Monitoring the first 100 hours of the 2007 Democrat-controlled Congress

by phil on Thursday Dec 14, 2006 9:54 AM

Nancy Pelosi promised that the Democrats would drain the GOP 'Swamp' in January of 2007.

Before the elections, she laid out a hypothetical "first 100 hours" plan of what they would do once in office (Source: Washington Post). Now that Democrats control Congress, let's follow up on those promises.

The 110th Congress has convened already (starting noon January 4th, 2007.) Stay tuned as I'll return and score how well they do. These are the promises:

Last Updated: 1/21/2006

Weaken Lobbyists
Promise: Put new rules in place to "break the link between lobbyists and legislation."

Proposed Fix: The House passed serious ethics rules that set new standards for conduct by the honorables and their staff members. The new rules, accepted on a 430-1 vote, prohibit members from accepting free or discounted rides on corporate jets, taking gifts of more than $50 from lobbyists or seeking to influence staffing decisions of lobbying organizations.

Transparency also is getting serious attention from the new Congress. The House approved a pay-as-you-go system that requires tax cuts or increased spending on mandatory programs be offset with other cuts or tax increases. Such rules existed in some form since 1990, but were allowed to expire by a Republican-controlled Congress in 2002. The House also is requiring the sponsors of pork projects (gently called "earmarks") to be identified. (Birmingham News)

Result: The Senate passed the bill in a 96-2 vote (Miami Herald). Bush unlikely to veto.

Sept. 11 Commission
Promise: Enact all the recommendations made by the commission that investigated the terrorist attacks of Sept. 11, 2001.

There are about 41 recommendations in the 9/11 Commission report, which includes tasks such as confronting our relationship with Saudi Arabia, and building schools in the Muslim world. Supposedly, about half have already been recommended by the Republican Congress (Reuters)

Proposed Fix: The Sept. 11 Commission Bill with the following:
- A Select Intelligence Oversight Panel
- Better communications equipment for emergency workers
- More money for high-risk areas
- Strengthen the sharing of U.S. intelligence information with local authorities
- Inspecting all cargo carried on passenger aircraft
- scanning of all containers bound for the U.S.
(Reuters) (AP)


The Select Intelligence Oversight Pane is a meta-committee that takes 3 members from the Intelligence committee and 6 from the Appropriations. As it stands right now, spy agencies bypass the Intelligence Committee and go straight to the Appropriations. So this 'hybrid' committee will aim to unify the committees. This satisfies the following recommendations.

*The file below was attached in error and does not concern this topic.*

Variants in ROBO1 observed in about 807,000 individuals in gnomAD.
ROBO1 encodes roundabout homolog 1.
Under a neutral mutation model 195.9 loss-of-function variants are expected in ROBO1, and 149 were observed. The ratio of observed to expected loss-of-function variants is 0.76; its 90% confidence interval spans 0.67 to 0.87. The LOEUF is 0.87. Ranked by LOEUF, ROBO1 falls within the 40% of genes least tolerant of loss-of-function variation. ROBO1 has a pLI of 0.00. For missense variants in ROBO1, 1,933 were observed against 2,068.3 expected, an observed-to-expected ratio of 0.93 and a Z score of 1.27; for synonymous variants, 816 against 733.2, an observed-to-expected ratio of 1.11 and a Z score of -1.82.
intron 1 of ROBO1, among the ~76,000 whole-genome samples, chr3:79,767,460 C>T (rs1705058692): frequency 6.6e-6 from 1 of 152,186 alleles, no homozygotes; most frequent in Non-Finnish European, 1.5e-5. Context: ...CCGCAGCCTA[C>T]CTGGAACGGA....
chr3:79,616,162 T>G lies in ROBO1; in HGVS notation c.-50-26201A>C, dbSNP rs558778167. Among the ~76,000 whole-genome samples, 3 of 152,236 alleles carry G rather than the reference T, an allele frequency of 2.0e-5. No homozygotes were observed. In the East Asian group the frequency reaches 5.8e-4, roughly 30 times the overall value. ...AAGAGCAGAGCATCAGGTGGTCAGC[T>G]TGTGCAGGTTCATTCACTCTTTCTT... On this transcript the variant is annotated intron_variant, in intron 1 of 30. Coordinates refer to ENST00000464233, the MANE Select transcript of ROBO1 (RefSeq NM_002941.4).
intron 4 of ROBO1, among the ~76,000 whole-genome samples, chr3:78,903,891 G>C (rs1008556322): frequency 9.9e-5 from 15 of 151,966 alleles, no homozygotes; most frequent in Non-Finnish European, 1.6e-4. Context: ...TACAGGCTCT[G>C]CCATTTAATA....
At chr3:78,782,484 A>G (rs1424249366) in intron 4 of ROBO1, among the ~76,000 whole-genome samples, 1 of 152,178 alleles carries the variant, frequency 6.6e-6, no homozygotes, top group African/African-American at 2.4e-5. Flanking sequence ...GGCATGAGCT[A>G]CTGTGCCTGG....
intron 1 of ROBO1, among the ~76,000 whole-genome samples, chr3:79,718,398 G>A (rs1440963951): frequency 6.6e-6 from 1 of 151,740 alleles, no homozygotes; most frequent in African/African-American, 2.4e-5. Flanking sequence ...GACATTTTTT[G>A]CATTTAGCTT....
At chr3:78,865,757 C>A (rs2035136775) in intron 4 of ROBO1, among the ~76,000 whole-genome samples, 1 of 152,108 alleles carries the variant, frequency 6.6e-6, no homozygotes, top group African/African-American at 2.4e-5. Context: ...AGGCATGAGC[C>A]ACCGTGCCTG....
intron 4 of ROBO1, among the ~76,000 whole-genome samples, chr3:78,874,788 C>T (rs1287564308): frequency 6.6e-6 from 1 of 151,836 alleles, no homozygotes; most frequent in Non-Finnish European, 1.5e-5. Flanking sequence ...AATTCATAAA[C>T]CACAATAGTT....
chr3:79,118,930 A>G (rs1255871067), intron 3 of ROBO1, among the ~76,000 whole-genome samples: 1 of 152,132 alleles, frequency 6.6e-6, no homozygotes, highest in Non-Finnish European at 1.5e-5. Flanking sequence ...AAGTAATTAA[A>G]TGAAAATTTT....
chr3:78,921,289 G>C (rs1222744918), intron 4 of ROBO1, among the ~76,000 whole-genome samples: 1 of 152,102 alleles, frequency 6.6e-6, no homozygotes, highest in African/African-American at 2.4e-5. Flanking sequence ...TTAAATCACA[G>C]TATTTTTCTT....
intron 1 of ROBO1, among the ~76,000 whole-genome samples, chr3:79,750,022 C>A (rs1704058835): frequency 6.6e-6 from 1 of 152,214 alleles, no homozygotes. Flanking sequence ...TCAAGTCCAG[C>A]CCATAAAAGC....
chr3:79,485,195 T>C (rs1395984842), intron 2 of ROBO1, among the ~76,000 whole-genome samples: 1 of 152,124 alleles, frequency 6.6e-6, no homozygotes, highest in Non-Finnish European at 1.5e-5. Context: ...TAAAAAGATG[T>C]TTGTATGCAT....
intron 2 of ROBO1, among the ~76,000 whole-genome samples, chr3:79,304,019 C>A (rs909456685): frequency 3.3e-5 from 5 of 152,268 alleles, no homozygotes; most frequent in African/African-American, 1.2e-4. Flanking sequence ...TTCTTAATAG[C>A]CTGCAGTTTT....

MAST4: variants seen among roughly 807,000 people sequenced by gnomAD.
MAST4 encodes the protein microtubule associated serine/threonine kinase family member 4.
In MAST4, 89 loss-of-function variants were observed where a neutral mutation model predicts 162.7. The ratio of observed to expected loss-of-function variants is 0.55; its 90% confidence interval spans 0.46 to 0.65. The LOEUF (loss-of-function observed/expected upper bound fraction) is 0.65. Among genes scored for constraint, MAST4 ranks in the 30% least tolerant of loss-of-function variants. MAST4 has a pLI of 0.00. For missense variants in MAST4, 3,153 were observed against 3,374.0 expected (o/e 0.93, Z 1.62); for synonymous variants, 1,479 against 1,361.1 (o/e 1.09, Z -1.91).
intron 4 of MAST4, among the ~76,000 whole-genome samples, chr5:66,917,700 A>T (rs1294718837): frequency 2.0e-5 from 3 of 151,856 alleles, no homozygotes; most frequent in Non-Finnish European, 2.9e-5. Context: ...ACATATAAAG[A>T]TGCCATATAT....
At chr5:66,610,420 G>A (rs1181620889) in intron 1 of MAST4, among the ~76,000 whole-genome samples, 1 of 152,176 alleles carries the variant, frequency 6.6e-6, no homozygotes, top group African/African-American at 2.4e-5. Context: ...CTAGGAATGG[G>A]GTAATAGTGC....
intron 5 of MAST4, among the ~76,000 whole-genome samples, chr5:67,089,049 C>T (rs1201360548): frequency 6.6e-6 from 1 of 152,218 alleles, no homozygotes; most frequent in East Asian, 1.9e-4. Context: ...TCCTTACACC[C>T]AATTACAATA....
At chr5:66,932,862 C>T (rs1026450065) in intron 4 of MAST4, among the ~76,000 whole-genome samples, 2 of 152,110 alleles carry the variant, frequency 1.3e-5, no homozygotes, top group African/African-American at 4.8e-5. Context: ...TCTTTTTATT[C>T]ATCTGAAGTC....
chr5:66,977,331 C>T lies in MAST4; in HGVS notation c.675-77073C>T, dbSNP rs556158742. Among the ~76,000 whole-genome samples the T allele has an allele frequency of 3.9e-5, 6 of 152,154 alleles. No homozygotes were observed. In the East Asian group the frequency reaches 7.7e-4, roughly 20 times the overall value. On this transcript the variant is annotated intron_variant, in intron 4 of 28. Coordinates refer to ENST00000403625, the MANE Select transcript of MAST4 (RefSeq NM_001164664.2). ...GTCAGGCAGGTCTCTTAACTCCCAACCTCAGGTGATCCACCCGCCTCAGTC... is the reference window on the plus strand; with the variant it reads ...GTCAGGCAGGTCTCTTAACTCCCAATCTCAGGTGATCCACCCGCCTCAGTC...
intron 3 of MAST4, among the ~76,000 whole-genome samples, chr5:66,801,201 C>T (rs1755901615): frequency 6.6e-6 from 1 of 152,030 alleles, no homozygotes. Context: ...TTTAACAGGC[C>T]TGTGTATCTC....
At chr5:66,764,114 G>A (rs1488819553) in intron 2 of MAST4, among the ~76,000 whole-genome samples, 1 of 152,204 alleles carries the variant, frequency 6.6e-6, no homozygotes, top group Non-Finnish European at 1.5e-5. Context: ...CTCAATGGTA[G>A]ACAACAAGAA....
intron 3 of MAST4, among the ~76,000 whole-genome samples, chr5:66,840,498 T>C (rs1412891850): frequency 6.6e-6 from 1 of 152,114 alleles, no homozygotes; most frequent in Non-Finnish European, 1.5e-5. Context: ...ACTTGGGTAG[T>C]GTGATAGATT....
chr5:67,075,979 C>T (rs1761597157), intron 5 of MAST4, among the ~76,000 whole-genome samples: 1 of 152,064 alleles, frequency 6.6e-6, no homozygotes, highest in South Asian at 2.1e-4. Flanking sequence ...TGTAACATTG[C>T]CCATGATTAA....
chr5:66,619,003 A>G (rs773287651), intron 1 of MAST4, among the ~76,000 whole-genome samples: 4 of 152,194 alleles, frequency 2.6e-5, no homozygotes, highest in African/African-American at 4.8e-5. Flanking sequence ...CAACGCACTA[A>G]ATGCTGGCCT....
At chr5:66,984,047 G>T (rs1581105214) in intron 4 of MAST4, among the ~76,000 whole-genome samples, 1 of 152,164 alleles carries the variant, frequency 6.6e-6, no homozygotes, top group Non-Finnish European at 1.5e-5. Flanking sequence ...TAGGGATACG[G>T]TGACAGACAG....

36. Congressional oversight for intelligence -- and counterterrorism -- is now dysfunctional. Congress should address this problem. We have considered various alternatives: A joint committee on the old model of the Joint Committee on Atomic Energy is one. A single committee in each house of Congress, combining authorizing and appropriating authorities, is another.

37. Congress should create a single, principal point of oversight and review for homeland security. Congressional leaders are best able to judge what committee should have jurisdiction over this department and its duties. But we believe that Congress does have the obligation to choose one in the House and one in the Senate, and that this committee should be a permanent standing committee with a nonpartisan staff.


Evaluation of others coming soon.

Likely Result: Bush won't veto this bill.

Minimum Wage
Promise: Raise the minimum wage to $7.25 an hour, maybe in one step

Proposed Fix: H.R. 2, the Fair Minimum Wage Act of 2007: Boost the minimum wage from $5.15 per hour to $7.25 per hour over two years. Was passed 315 to 116 in the House.

Likely Result: The Senate will add a tax credit for businesses, and Bush won't veto.

Student Loans
Promise: Cut the interest rate on student loans in half.

Proposed Fix: The College Student Relief Act of 2007 (BizJournal) Passed by a 356-71 vote
(The Daily Californian):

The College Student Relief Act of 2007 aims to gradually cut the interest rates of subsidized federal student college loans from 6.8 percent to 3.4 percent over a five-year period.

The House Democrats’ plan doesn’t cover all student loans—only federally subsidized Stafford loans targeting some middle-income families—and it will take five years to phase in. And though education advocates praise the effort as a nice start, they say it won’t do much to boost college access at a time of soaring tuition increases. (The Depula)

Drug Prices
Promise: Allow the government to negotiate directly with the pharmaceutical companies for lower drug prices for Medicare patients.

Proposed Fix:


The House passes a bill that would require the secretary of Health and Human Services to negotiate with drug makers for lower prices for Medicare patients. The vote was 255-170 in favor of the bill, including some two dozen Republicans. Those supporting the measure ignored a veto threat from President Bush.

Stem Cell Research
Promise: Broaden the types of stem cell research allowed with federal funds

Proposed Fix:


The U.S. House of Representatives voted overwhelmingly today to expand the number of human embryonic stem cell (ES) lines available to federally funded researchers. The bill, designated H.R. 3 and considered a top priority in the new Democrat-controlled Congress, passed 253 to 174.
Bush has vetoed and the House wasn't able to override it.

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